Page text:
The Opposition believes that instead of working towards immediate implementation, the BJP has offered a post-dated cheque to create an optical illusion. The Act was also derided as a “check-bounce bill” by the All India Majlis-E-Ittehadul Muslimeen (AIMIM). However, given that women’s reservation has been introduced as a vertical quota under Articles 330 and 332, the oversight of the Delimitation Commission may be necessary for its eventual implementation. Since the earlier Bills were not passed, the nature of their exact implementation and timeline was not clear and the question of delimitation did not come up.

The Opposition and legal experts have observed that while the role of the Delimitation Commission may be salient, the constituencies are already demarked in accordance with the 2011 census and they could easily have been allocated for the 2024 election instead of waiting for the next delimitation exercise. This could have been done through a lottery of the kind used to allocate reserved seats for local and urban bodies.

The government has defended its position by saying that the Delimitation Commission will ensure that the reserved seats are allocated in a transparent manner. Finance Minister Nirmala Sitharaman said that the Bill could be implemented only if a “quasi-judicial” process is adopted. The Home Minister, taking a veiled dig at Rahul Gandhi and the AIMIM, remarked that this would ensure that everything was done in a transparent manner by the delimitation body rather than being misread as a ploy of the government, including if Wayanad and Hyderabad happened to become constituencies reserved for women (both considered safe seats for the aforementioned). While the arguments of the government hold given the contentious nature of boundary mapping for seats, it remains the case that the deadlock stems from the surprise introduction and passage of the 2023 Bill with no all-party discussion held beforehand on whether it was feasible to have women’s reservations implemented for the next general elections. The surprise introduction and the manner of enactment of the new legislation has made any determinable or detailed discussion impossible, leaving many unresolved open ends up for speculation.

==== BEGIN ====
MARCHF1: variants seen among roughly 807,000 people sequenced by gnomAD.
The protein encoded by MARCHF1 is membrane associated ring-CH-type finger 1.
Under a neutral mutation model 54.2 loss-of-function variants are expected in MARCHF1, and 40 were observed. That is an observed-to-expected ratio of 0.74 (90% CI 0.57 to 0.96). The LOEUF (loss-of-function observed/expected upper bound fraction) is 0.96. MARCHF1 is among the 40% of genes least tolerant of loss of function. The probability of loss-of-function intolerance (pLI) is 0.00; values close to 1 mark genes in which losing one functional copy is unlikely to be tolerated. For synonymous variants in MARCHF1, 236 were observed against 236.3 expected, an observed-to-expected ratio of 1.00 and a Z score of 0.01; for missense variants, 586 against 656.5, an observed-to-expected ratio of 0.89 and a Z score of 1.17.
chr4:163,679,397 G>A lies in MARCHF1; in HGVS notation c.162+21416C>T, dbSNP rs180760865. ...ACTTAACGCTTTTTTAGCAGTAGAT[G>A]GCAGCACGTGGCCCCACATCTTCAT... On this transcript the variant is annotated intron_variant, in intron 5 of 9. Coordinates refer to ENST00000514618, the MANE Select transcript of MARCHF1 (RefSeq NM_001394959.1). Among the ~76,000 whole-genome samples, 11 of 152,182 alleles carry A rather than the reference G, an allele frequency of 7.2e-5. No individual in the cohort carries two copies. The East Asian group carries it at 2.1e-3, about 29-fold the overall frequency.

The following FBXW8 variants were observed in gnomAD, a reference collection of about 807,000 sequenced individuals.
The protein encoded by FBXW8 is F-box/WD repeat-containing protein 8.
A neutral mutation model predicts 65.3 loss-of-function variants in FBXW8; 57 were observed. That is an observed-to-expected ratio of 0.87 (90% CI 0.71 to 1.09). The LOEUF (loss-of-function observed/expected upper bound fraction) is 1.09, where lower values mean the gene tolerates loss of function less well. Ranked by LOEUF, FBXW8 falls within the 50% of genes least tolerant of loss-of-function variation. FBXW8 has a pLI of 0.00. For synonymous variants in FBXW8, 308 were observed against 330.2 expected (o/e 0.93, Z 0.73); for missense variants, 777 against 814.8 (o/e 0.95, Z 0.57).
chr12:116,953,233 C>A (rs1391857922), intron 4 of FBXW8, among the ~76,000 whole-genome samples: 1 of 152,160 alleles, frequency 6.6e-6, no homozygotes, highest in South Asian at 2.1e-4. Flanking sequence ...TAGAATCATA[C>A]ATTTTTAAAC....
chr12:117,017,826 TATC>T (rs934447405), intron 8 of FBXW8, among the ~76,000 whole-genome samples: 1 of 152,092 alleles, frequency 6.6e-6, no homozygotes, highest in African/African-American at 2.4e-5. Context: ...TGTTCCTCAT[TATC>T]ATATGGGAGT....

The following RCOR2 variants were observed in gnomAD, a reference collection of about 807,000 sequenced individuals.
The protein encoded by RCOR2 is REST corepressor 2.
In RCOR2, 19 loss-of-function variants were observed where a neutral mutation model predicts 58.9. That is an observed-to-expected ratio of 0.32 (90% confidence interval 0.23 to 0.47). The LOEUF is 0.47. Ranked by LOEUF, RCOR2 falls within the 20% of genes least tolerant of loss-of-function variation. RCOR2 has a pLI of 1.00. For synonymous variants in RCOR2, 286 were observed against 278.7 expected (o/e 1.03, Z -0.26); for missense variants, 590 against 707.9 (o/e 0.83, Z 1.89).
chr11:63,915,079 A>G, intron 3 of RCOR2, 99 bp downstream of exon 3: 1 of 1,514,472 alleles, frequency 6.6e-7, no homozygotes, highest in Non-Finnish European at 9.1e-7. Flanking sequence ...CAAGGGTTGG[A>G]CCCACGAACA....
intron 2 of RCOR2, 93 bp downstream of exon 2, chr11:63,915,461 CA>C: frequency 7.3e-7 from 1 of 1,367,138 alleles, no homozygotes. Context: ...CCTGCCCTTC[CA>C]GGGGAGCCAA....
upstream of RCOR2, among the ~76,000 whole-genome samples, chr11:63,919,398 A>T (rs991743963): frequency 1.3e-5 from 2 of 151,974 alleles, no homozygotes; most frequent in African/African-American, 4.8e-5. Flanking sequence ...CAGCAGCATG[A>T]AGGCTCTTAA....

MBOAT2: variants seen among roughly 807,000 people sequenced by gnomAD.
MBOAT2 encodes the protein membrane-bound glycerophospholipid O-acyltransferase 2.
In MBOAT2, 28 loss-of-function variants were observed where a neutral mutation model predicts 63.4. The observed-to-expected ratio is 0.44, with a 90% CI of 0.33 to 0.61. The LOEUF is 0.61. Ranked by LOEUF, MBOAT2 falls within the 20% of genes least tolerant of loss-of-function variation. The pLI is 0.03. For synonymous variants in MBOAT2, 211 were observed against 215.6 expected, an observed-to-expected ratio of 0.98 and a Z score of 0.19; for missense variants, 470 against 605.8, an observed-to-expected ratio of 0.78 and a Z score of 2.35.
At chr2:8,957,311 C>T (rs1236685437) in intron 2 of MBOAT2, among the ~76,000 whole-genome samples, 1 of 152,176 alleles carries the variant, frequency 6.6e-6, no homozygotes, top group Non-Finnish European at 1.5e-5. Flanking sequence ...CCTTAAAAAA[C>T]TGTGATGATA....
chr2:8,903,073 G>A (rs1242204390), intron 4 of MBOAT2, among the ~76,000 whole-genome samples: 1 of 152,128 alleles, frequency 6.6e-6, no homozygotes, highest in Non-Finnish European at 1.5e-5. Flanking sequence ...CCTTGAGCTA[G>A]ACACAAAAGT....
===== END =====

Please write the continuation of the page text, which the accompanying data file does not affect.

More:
The second glaring omission is that the Act does not have a quota for Other Backward Classes (OBCs). As the chequered history of the Bill shows, this has been the foremost demand of state parties such as the Rashtriya Janata Dal (RJD), Janata Dal (United) [JD(U)], Samajwadi Party (SP), and the like. They have raised the legitimate possibility that the women’s reservation could be used to ensure upper-caste interests are protected. Without an OBC or economically backward class (EBC) sub-quota, they allege that the Act will mainly support the election of upper-caste women.

While the Opposition was almost united in this demand, saying the new Act was incomplete without sub-quotas for OBCs and Muslim women, previous debates on these subjects have not been fruitful.